Wednesday, July 14, 2010

Talking to children about depression

[My Tisha b'Av article for YU To Go is now on-line here.]

Here’s a question I’ve asked and been asked over the years: At what point should parents talk to their children about depression?

The question arises for two reasons:

1. Stories in the news - From time to time there are news items about pre-adolescents, kids aged 9, 10, 11, taking their own lives, often in response to abuse from their schoolmates. The parents say the normal things – “We never knew it was this bad,” “He would swing in and out of moods, but he never talked as though he was a danger to himself,” and so on. And we wonder how we should introduce the question to our children. “Are you going through…?” “Are you thinking about…?”

2. Family histories - Studies show that one can, in fact, inherit a vulnerability to clinical depression. So when an adult is diagnosed with this condition, the follow-up questions include, “What about my children? Is there a way to test them for this? Do I warn them? How?”

It seems to me that normal child-rearing must include teaching, in an age-appropriate way, coping mechanisms for normal, non-biochemical depression. Dealing with frustration, with boredom, with tough peer groups, with love and loss – we cannot immunize our children against these situations, but we can, and I think must, help them find ways to cope, both directly and by modeling the behavior. This doesn’t require a conversation about clinical issues and genes and biochemistry.

But I’m asking about more than that, about helping our kids recognize when an emotion is outside of the normal range, and it’s time to call in the experts. Can that happen at age 10? Age 13? Age 15? Age 18?

I’m not suggesting that kids at these ages could diagnose an abnormal personal, emotional reaction – it’s hard enough for trained and objective adults – but perhaps we could tell them a little bit about the problem and its dangers, empowering them to seek out help… without terrorizing them and without leading them to a false self-diagnosis.

Obviously this not a one-size-fits-all subject, but surely someone with knowledge of developmental psychology could make some general recommendations.

I’m sending this question to my favorite Internet counseling resource. In addition, though, please comment with your thoughts, and any recommended reading material.


  1. If the parent has suffered from clinical depression, I will assume the parent has gotten treatment for it. I have learned from my own many years in therapy that depression is anger turned inward. So the key is to teach our children how to express one's emotions in a healthy manner, including anger. One should teach one's children to find an adult to talk to if one has a problem. Having a therapist who is familiar with a family can be helpful if a parent suspects depression.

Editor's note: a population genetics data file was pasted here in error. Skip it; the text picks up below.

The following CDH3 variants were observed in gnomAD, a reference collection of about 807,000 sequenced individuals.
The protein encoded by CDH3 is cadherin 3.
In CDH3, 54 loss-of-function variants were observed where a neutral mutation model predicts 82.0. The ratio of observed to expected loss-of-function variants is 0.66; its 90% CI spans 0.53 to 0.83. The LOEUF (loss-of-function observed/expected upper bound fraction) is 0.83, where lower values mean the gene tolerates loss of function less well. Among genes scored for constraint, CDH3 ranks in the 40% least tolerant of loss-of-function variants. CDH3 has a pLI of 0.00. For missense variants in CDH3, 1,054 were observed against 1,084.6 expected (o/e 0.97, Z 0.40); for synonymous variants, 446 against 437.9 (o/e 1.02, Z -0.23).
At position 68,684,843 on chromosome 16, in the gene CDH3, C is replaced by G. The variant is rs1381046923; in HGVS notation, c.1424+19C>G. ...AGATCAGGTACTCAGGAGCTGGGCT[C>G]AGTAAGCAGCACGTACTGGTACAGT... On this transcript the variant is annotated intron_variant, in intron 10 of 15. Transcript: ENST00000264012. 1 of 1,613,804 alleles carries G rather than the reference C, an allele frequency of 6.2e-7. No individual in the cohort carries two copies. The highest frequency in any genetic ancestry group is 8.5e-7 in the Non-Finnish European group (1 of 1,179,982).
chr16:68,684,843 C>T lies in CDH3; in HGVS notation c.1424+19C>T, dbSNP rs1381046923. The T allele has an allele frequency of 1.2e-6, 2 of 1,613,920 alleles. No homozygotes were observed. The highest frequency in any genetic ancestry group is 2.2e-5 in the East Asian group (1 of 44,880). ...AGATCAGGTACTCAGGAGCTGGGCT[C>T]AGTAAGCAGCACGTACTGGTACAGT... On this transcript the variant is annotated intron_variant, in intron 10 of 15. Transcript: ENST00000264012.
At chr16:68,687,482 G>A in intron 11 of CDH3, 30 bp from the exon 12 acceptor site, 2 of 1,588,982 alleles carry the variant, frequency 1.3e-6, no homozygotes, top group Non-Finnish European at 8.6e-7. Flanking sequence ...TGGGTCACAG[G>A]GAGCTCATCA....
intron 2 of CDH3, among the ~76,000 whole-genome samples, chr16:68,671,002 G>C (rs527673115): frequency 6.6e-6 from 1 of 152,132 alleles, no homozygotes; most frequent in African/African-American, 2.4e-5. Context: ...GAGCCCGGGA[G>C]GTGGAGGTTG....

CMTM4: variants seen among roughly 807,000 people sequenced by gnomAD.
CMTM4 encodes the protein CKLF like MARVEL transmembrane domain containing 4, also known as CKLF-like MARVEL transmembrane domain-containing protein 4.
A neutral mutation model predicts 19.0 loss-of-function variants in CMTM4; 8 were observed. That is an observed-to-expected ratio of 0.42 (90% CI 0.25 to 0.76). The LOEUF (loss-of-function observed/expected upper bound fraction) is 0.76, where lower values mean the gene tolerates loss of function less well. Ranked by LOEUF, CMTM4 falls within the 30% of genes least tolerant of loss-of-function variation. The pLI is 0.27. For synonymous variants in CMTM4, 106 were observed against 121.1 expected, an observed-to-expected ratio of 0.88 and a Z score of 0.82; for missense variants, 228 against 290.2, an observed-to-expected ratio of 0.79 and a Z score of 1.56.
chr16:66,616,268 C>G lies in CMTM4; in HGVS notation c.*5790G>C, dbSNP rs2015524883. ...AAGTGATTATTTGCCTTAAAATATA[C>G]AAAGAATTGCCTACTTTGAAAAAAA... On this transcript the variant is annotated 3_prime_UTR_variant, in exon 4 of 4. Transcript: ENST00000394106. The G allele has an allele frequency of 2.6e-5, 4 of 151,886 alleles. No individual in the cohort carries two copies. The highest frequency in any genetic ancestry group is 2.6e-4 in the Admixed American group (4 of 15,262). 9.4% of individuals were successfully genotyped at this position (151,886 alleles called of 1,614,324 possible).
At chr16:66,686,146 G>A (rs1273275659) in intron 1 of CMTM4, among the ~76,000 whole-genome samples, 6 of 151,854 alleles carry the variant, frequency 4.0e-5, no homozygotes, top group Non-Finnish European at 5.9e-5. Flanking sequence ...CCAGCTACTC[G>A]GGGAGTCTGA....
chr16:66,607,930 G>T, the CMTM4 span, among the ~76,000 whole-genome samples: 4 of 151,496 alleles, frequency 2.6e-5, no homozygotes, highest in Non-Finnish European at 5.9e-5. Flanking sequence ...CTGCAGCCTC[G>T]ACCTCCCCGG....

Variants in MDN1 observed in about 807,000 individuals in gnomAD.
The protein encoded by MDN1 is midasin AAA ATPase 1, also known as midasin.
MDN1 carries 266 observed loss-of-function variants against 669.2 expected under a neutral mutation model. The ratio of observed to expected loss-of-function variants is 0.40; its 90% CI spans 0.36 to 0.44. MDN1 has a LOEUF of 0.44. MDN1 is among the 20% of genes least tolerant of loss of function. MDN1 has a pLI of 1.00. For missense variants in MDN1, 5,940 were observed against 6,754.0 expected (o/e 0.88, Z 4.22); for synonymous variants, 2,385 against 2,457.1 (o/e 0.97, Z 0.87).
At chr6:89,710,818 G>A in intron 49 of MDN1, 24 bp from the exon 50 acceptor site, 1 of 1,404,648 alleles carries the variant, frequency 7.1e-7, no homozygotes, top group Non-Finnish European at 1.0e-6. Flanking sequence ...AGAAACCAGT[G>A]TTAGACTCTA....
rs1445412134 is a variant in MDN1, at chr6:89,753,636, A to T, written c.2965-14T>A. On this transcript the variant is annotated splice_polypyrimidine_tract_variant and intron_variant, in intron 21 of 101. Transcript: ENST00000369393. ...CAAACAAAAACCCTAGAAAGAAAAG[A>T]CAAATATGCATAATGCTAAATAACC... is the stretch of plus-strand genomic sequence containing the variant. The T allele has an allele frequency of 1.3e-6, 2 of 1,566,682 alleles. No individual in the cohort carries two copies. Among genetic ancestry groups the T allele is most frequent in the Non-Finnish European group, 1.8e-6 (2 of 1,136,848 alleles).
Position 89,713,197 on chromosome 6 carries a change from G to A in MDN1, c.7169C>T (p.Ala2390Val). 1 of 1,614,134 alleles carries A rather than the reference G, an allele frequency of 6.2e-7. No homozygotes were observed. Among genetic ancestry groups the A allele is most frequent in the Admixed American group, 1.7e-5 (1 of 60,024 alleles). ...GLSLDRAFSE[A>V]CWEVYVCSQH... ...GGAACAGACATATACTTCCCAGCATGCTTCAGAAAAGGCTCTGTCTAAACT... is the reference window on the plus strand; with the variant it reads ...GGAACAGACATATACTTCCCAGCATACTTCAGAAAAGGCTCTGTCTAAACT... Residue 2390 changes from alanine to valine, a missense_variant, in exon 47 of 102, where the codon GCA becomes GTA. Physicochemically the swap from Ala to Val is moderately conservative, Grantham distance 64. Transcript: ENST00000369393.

We should take preventative measures with our mental health in a similar way that we do with our physical health.

    Thank you for raising this important topic.

  2. Difficult topic. I'm not an expert, but I believe it is a matter of controversy in the psychiatric profession as to whether young children can suffer from depression: some say they can, others say they can't (I think the reasoning is that they don't have enough of a sense of self to get depressed).

    I don't know what the benefit would be of telling very young children about depression, unless someone in the family is actually suffering from it and the kids need to understand what that person is going through.

    Certainly if there is a history of depression in the family, the children should be told about it. When I was being diagnosed with depression, I was asked a lot by doctors and psychiatrists whether there was any family history of depression. I said no, which I thought was the honest answer, but a couple of years later I discovered that several close relatives had suffered from it. I don't think I'd have been diagnosed faster or differently if the doctors had known that, but it would not have hurt to have told them, and in a less clear-cut case it might have made a difference to diagnosis.

  3. Depression should definitely be taught as a health education topic. As a parent, I have seen my kids literally worried sick over the depressive or self-destructive behaviour of a friend. One of the most important messages to get out to them is that such a person is ill, and that THEY CAN BE HELPED. One of these situations went on far too long because of the teenagers' mistaken loyalty. We finally convinced our kids that a promise to keep a friend's secrets may and must be violated if that person is a danger to themselves.

    In some ways, it is easier to teach about depression by discussing how to react if it happens to someone they care about. I hope I got across the important part, that there is help.

  4. Just wanted to add my .02 from personal experience. My own depression manifested itself around age 12-13. I think that's pretty common for many, and would be a good benchmark for parents, if the topic has not come up previously in the child's life (personal history or a family/friend connection).

  5. Leora-
    Thanks for your comments, and you're welcome!

    I agree with much of what you say here, but the key question is still the test for "very young" and "young" as they apply here.

    You did, thanks.

    Thank you; that number is helpful.